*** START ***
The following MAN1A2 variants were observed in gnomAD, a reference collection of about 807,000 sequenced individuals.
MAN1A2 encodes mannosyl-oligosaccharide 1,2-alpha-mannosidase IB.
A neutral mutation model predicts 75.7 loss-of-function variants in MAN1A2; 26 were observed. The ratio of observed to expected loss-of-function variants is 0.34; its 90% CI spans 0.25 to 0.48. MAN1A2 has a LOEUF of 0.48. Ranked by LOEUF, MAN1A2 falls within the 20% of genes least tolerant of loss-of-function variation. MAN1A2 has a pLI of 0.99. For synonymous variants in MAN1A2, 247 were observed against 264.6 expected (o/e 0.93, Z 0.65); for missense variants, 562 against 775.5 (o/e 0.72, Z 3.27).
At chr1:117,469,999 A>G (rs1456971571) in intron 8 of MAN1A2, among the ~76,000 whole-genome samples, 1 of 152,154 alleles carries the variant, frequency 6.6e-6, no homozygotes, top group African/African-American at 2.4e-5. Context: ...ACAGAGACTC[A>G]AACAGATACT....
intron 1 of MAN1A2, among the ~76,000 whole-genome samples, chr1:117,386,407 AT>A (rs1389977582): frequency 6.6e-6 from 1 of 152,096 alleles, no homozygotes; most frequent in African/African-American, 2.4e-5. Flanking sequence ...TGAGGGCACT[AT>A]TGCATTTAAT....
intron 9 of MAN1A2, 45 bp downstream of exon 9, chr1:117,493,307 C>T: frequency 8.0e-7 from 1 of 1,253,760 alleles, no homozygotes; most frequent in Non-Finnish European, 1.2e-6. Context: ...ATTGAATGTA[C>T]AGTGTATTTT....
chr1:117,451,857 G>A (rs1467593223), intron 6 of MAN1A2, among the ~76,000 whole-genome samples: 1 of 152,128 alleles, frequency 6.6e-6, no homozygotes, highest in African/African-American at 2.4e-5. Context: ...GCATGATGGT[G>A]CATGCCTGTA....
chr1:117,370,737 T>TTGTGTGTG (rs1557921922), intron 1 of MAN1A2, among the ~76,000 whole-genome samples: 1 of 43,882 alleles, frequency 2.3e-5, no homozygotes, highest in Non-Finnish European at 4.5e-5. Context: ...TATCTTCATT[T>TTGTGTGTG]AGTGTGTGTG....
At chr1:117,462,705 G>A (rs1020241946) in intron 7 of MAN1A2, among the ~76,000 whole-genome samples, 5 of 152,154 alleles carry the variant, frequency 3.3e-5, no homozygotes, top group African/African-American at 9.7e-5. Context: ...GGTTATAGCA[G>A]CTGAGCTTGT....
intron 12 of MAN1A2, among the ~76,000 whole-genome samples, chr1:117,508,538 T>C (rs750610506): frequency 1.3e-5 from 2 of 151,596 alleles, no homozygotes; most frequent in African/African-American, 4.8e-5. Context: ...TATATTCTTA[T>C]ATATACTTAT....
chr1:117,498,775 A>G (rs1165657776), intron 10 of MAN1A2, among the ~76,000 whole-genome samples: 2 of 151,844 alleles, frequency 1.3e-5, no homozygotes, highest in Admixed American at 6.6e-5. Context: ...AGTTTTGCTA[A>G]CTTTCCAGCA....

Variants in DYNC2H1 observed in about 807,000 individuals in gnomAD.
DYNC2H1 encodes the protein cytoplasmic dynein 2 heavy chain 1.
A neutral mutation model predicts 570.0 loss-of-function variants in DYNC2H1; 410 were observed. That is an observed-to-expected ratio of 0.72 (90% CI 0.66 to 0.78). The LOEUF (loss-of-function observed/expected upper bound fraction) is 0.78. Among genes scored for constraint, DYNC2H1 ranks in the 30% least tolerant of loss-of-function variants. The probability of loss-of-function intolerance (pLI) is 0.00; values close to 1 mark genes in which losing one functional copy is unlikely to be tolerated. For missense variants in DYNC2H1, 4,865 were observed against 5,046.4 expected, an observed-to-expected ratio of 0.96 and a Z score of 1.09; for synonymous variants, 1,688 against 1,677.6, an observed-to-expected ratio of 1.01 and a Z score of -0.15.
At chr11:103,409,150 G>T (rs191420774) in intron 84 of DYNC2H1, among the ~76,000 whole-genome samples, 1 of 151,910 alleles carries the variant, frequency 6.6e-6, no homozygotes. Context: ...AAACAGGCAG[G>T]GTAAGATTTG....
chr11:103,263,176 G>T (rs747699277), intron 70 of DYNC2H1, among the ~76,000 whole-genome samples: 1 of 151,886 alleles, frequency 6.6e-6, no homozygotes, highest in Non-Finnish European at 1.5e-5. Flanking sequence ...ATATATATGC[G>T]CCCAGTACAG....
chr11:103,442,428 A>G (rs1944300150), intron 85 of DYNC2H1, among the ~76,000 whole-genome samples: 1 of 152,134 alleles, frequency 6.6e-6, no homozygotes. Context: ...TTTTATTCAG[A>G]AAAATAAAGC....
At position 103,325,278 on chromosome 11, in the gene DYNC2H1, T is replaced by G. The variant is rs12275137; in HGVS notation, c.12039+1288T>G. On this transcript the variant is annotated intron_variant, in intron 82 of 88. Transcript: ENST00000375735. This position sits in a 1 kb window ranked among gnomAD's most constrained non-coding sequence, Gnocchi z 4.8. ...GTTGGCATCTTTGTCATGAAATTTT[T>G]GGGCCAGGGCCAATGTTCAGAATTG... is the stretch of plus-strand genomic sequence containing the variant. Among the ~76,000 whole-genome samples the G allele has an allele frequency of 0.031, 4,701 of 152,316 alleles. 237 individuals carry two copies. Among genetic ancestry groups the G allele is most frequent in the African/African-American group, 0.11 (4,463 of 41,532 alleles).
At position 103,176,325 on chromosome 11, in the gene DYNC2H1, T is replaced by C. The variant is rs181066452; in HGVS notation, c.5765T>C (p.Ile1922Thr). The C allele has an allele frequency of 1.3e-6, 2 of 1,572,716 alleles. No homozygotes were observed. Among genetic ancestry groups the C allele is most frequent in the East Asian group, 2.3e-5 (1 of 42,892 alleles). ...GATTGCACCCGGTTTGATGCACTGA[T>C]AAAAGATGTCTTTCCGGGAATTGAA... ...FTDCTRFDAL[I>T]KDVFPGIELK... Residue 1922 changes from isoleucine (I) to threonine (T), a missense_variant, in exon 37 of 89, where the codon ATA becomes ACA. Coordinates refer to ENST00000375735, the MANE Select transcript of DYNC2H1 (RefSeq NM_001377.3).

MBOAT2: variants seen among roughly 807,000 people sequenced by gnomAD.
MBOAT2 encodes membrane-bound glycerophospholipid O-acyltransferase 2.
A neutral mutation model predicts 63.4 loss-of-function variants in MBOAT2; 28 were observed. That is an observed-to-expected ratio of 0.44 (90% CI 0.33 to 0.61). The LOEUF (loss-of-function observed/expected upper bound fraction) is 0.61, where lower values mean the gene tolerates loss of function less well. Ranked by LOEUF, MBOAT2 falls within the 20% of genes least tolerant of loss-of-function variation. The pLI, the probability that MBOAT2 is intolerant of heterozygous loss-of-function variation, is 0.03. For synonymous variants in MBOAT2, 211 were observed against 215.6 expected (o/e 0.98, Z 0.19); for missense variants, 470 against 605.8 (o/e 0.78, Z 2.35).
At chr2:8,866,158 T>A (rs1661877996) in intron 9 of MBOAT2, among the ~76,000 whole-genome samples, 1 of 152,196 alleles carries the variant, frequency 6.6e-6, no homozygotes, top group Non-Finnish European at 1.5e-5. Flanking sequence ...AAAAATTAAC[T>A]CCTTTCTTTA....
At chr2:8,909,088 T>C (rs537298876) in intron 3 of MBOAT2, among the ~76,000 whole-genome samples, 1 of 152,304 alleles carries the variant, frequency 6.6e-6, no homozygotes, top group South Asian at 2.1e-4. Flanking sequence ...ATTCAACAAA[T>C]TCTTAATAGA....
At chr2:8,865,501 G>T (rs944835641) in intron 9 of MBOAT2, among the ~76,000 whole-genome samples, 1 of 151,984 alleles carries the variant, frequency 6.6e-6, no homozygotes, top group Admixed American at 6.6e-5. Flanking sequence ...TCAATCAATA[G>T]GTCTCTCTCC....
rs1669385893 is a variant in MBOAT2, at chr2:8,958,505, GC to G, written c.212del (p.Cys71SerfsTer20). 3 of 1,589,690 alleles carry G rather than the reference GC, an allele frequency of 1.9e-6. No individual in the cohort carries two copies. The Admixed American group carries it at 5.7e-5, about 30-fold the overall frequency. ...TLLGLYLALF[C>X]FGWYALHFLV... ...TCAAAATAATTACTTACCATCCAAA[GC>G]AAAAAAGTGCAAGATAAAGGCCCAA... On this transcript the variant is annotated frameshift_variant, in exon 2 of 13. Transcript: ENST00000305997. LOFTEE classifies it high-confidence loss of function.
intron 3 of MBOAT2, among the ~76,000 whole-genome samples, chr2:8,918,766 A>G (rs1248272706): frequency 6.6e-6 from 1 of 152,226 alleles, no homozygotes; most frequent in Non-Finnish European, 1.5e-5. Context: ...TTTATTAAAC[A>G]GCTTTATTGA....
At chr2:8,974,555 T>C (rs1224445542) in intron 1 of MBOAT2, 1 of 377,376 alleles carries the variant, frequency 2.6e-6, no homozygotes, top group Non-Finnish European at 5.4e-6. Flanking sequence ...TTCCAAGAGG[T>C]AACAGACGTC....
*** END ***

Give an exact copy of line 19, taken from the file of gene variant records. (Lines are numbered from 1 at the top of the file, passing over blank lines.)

At position 103,176,325 on chromosome 11, in the gene DYNC2H1, T is replaced by C. The variant is rs181066452; in HGVS notation, c.5765T>C (p.Ile1922Thr). The C allele has an allele frequency of 1.3e-6, 2 of 1,572,716 alleles. No homozygotes were observed. Among genetic ancestry groups the C allele is most frequent in the East Asian group, 2.3e-5 (1 of 42,892 alleles). ...GATTGCACCCGGTTTGATGCACTGA[T>C]AAAAGATGTCTTTCCGGGAATTGAA... ...FTDCTRFDAL[I>T]KDVFPGIELK... Residue 1922 changes from isoleucine (I) to threonine (T), a missense_variant, in exon 37 of 89, where the codon ATA becomes ACA. Coordinates refer to ENST00000375735, the MANE Select transcript of DYNC2H1 (RefSeq NM_001377.3).